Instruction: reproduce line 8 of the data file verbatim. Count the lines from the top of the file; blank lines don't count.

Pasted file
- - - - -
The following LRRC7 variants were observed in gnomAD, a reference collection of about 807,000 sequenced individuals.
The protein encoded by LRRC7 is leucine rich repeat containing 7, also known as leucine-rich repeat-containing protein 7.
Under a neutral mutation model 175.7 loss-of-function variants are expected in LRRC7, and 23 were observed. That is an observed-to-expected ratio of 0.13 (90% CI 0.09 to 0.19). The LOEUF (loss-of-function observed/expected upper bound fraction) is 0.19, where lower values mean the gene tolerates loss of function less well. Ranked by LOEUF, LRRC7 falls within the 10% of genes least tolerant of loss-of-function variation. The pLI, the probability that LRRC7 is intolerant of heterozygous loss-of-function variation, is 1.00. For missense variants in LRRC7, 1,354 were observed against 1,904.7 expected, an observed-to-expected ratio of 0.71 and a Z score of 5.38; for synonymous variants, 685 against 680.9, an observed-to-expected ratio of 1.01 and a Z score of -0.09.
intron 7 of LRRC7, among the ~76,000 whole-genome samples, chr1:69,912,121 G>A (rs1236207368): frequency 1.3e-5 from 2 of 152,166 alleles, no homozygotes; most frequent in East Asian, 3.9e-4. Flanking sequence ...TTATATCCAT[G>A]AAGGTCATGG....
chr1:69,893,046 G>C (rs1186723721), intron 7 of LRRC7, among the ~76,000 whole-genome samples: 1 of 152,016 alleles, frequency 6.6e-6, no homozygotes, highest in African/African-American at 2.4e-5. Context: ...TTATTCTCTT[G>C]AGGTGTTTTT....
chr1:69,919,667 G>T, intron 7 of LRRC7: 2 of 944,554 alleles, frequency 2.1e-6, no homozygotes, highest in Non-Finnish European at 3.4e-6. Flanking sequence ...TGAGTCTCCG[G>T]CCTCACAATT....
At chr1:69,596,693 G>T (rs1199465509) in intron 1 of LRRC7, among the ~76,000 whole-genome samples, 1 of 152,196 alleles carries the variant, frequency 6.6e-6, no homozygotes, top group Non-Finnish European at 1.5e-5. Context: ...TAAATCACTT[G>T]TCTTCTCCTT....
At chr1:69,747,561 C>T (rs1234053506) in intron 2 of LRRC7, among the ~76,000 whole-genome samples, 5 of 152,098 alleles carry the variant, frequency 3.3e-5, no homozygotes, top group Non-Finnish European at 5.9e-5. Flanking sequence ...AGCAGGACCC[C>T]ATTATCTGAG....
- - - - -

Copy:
At chr1:69,747,561 C>T (rs1234053506) in intron 2 of LRRC7, among the ~76,000 whole-genome samples, 5 of 152,098 alleles carry the variant, frequency 3.3e-5, no homozygotes, top group Non-Finnish European at 5.9e-5. Flanking sequence ...AGCAGGACCC[C>T]ATTATCTGAG....